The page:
Almost daily I look at how we can best reach and teach students who are struggling in math. I find that more and more teachers are spending large amounts of time on tests that take too much classroom time. Certainly, assessment must be part of the process, but what kind of assessments? As technology becomes more available in the classroom will teachers abdicate their responsibility to assess to the technology? Does assessment have to be in the form of a test?
It is my firmly held belief that teachers teach and items like workbooks and technology only help to provide support, review, and practice. Learning anything comes at the hands of a skilled teacher, not a computer. Yes, that computer can have teaching “videos” or teaching applications, but that technology cannot see the light go on in a student’s eyes. Technology will not care if the student is struggling or if they “get it”, it will only move on to the next problem. Teachers who teach using a mastery-based approach will be constantly assessing the students. Short-cycle assessment that is done daily by an engaged and supported teacher can make a world of difference in a student’s knowledge.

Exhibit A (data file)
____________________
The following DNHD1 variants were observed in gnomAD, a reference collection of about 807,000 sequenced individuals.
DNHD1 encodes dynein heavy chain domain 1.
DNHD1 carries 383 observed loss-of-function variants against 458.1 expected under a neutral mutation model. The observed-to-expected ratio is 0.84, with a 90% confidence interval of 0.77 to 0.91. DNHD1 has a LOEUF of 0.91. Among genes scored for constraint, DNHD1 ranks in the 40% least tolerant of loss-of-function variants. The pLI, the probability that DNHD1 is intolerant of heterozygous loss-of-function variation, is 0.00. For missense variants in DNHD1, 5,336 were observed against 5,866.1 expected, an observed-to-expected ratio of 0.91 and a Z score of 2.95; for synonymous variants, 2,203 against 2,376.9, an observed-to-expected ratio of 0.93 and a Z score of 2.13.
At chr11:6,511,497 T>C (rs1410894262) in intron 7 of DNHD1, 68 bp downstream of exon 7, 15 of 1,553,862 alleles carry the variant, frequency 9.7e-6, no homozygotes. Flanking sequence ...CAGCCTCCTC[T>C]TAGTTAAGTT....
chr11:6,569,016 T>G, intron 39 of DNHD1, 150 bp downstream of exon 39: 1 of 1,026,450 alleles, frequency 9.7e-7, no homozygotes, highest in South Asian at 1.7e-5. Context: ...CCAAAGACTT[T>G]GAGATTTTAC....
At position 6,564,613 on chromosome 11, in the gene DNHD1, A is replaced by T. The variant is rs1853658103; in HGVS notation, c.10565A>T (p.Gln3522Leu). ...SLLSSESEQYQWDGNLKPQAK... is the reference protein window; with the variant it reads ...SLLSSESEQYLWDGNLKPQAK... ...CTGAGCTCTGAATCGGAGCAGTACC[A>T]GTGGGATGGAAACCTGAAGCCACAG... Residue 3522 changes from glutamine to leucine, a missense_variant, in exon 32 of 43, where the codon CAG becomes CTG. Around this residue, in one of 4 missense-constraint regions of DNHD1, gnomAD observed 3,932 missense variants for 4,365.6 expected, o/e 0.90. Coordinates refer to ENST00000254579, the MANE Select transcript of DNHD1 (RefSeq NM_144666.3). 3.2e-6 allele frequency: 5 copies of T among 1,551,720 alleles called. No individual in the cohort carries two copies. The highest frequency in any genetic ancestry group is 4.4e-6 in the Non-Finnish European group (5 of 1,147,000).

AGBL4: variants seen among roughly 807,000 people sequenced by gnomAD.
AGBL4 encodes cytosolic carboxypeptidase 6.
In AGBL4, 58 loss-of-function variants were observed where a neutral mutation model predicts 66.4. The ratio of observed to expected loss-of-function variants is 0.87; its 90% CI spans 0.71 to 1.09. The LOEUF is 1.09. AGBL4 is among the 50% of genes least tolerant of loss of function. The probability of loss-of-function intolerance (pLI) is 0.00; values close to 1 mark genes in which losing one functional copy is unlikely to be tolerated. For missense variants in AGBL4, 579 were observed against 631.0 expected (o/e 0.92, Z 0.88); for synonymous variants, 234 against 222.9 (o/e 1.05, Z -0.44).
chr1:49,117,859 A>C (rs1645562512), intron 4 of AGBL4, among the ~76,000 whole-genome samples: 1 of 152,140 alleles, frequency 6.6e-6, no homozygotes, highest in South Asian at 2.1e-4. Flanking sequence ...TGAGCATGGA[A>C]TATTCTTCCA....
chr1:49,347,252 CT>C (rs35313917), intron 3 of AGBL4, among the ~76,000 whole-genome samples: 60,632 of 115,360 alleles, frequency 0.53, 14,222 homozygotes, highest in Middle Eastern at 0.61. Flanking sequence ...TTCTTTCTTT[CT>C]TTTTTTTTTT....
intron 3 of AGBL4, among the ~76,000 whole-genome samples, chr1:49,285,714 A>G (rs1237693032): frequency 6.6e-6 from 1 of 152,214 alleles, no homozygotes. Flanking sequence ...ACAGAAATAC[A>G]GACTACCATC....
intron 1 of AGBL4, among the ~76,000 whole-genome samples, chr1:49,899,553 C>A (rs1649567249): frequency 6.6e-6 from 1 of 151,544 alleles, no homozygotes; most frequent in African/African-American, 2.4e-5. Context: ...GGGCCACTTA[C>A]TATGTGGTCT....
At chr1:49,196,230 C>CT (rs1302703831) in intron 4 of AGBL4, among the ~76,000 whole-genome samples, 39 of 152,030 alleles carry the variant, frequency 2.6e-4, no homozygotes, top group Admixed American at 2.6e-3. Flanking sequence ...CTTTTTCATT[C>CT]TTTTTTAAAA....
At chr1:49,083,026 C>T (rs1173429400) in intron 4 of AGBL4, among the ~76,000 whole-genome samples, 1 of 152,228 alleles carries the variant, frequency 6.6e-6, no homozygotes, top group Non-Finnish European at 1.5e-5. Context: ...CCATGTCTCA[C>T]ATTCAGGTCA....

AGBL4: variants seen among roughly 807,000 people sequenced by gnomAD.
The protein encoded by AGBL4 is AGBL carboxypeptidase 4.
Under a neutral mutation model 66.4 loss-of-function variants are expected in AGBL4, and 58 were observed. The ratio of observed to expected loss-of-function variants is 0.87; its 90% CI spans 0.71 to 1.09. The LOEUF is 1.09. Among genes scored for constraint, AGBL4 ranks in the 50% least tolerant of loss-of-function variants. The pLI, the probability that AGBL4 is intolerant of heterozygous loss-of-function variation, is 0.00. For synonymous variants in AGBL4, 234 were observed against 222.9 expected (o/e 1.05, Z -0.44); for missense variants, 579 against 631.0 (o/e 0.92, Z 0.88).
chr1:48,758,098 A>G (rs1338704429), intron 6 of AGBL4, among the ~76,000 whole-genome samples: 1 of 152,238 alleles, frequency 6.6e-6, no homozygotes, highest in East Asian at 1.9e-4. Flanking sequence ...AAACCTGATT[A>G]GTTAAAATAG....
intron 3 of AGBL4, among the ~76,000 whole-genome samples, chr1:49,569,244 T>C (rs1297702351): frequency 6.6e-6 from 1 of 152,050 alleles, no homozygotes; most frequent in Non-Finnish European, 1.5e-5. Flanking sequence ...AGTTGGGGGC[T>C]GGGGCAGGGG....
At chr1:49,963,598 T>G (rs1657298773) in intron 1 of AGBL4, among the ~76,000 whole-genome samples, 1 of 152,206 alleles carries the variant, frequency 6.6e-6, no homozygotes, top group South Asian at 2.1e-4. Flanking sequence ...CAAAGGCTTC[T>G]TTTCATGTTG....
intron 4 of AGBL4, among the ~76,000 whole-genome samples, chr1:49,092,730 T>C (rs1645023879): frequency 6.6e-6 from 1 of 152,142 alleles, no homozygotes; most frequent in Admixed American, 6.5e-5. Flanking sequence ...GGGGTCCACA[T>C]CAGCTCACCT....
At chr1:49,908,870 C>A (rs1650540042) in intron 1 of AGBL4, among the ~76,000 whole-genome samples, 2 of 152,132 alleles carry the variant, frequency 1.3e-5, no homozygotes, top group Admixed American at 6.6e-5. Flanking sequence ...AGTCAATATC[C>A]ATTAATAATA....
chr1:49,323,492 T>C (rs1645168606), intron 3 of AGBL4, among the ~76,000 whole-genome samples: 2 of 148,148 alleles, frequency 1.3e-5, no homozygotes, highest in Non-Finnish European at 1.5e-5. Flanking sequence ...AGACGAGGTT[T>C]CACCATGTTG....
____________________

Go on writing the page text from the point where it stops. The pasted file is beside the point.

Yes, we need tests, but at what intervals? At what cost to instruction time?
It has been argued in the past that teachers in schools have taught to the test. That statement may never have been truer as it will be with this year’s coming high-stakes tests.